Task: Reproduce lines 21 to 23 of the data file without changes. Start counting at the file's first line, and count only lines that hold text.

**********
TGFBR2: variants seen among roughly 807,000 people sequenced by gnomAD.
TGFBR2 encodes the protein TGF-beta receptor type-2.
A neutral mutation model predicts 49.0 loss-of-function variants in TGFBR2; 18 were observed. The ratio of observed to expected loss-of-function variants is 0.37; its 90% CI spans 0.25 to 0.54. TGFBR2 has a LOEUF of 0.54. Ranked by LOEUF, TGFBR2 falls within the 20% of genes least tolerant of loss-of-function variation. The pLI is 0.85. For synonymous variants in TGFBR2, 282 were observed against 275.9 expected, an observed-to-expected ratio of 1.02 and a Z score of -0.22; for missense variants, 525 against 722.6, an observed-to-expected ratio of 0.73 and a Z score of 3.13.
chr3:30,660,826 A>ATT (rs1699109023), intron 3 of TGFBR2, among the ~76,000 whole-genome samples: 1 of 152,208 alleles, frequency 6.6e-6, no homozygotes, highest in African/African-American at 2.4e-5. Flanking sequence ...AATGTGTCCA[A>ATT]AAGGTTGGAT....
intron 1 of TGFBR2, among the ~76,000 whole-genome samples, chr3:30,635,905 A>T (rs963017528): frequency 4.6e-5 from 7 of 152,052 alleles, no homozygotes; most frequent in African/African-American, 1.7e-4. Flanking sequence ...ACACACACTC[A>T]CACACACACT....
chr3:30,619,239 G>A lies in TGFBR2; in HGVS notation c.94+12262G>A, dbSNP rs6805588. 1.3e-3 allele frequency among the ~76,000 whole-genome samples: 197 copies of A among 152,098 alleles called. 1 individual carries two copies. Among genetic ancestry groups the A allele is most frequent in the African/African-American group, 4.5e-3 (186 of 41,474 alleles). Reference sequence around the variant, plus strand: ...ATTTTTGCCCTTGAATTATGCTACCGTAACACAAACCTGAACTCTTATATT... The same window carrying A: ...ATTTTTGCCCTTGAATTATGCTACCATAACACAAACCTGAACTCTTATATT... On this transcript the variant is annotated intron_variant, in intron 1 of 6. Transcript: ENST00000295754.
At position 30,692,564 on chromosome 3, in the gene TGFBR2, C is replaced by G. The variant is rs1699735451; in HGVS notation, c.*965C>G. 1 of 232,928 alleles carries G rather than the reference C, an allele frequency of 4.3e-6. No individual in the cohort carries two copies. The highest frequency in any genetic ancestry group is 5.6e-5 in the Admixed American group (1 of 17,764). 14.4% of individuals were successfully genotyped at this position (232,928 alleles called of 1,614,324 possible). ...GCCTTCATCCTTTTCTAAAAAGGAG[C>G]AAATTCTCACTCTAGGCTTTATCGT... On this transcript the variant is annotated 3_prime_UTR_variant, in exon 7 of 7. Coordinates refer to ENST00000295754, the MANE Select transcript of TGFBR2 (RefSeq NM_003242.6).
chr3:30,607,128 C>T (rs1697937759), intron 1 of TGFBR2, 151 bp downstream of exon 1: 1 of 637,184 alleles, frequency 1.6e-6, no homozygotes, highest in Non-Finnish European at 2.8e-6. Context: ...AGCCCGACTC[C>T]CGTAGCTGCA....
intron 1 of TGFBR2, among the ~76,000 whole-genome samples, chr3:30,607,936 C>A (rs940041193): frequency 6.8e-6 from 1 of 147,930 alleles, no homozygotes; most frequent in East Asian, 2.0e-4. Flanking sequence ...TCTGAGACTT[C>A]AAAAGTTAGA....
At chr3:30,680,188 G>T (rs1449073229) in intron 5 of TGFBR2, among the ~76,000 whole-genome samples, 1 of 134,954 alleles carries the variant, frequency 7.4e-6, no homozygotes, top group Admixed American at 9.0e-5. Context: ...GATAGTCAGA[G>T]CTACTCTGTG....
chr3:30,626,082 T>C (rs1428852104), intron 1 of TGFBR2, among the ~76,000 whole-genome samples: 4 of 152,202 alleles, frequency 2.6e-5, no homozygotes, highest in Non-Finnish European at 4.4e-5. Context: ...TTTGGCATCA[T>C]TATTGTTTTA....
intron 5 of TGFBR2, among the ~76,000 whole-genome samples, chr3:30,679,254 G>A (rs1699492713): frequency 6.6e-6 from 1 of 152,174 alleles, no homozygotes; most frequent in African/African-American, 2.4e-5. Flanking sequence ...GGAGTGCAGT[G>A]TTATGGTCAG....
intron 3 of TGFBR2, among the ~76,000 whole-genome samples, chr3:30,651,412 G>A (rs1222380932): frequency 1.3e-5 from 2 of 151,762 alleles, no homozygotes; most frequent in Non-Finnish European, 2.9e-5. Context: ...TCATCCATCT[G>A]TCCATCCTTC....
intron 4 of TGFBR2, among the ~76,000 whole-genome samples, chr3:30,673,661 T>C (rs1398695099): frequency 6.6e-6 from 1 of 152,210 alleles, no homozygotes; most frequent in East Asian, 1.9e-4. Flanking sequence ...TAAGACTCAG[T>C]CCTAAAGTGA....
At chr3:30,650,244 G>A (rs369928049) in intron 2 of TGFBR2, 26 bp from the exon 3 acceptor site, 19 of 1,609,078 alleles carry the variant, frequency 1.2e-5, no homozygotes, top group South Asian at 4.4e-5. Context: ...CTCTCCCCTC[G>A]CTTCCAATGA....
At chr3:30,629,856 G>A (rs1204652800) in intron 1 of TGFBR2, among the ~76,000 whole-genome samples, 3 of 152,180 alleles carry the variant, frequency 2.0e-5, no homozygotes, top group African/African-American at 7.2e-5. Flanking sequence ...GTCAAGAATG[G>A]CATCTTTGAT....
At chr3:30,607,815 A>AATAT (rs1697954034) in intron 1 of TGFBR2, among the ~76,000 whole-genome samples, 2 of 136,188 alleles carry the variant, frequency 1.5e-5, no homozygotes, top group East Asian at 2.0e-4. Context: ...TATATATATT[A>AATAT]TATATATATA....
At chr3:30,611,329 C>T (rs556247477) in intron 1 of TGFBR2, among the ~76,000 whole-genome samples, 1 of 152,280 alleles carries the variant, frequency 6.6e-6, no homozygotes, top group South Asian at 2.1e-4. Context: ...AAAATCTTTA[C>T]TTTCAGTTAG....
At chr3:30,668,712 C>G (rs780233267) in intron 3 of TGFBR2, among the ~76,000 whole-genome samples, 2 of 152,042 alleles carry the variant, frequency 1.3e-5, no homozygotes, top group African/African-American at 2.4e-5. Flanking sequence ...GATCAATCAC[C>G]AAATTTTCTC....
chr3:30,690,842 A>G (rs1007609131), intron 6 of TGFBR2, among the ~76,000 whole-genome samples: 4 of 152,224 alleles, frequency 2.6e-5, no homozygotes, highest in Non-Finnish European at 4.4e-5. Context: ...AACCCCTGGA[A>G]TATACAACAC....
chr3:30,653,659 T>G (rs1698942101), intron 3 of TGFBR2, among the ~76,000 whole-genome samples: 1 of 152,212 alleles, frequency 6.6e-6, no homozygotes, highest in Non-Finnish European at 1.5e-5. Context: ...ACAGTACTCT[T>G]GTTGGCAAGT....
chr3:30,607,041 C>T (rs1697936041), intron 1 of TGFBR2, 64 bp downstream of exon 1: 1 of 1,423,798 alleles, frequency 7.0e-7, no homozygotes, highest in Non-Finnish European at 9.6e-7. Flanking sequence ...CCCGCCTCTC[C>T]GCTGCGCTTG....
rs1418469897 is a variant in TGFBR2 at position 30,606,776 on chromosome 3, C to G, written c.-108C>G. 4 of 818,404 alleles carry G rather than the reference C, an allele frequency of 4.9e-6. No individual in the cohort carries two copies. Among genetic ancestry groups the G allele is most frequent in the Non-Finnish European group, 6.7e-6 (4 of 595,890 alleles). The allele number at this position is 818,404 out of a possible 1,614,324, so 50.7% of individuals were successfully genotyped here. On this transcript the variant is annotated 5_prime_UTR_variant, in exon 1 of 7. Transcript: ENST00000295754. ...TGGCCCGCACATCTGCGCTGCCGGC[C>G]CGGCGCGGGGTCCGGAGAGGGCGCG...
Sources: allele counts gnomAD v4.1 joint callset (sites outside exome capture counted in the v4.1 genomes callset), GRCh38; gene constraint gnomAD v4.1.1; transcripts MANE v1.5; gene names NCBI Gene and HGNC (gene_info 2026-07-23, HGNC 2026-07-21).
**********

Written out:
chr3:30,653,659 T>G (rs1698942101), intron 3 of TGFBR2, among the ~76,000 whole-genome samples: 1 of 152,212 alleles, frequency 6.6e-6, no homozygotes, highest in Non-Finnish European at 1.5e-5. Context: ...ACAGTACTCT[T>G]GTTGGCAAGT....
chr3:30,607,041 C>T (rs1697936041), intron 1 of TGFBR2, 64 bp downstream of exon 1: 1 of 1,423,798 alleles, frequency 7.0e-7, no homozygotes, highest in Non-Finnish European at 9.6e-7. Flanking sequence ...CCCGCCTCTC[C>T]GCTGCGCTTG....
rs1418469897 is a variant in TGFBR2 at position 30,606,776 on chromosome 3, C to G, written c.-108C>G. 4 of 818,404 alleles carry G rather than the reference C, an allele frequency of 4.9e-6. No individual in the cohort carries two copies. Among genetic ancestry groups the G allele is most frequent in the Non-Finnish European group, 6.7e-6 (4 of 595,890 alleles). The allele number at this position is 818,404 out of a possible 1,614,324, so 50.7% of individuals were successfully genotyped here. On this transcript the variant is annotated 5_prime_UTR_variant, in exon 1 of 7. Transcript: ENST00000295754. ...TGGCCCGCACATCTGCGCTGCCGGC[C>G]CGGCGCGGGGTCCGGAGAGGGCGCG...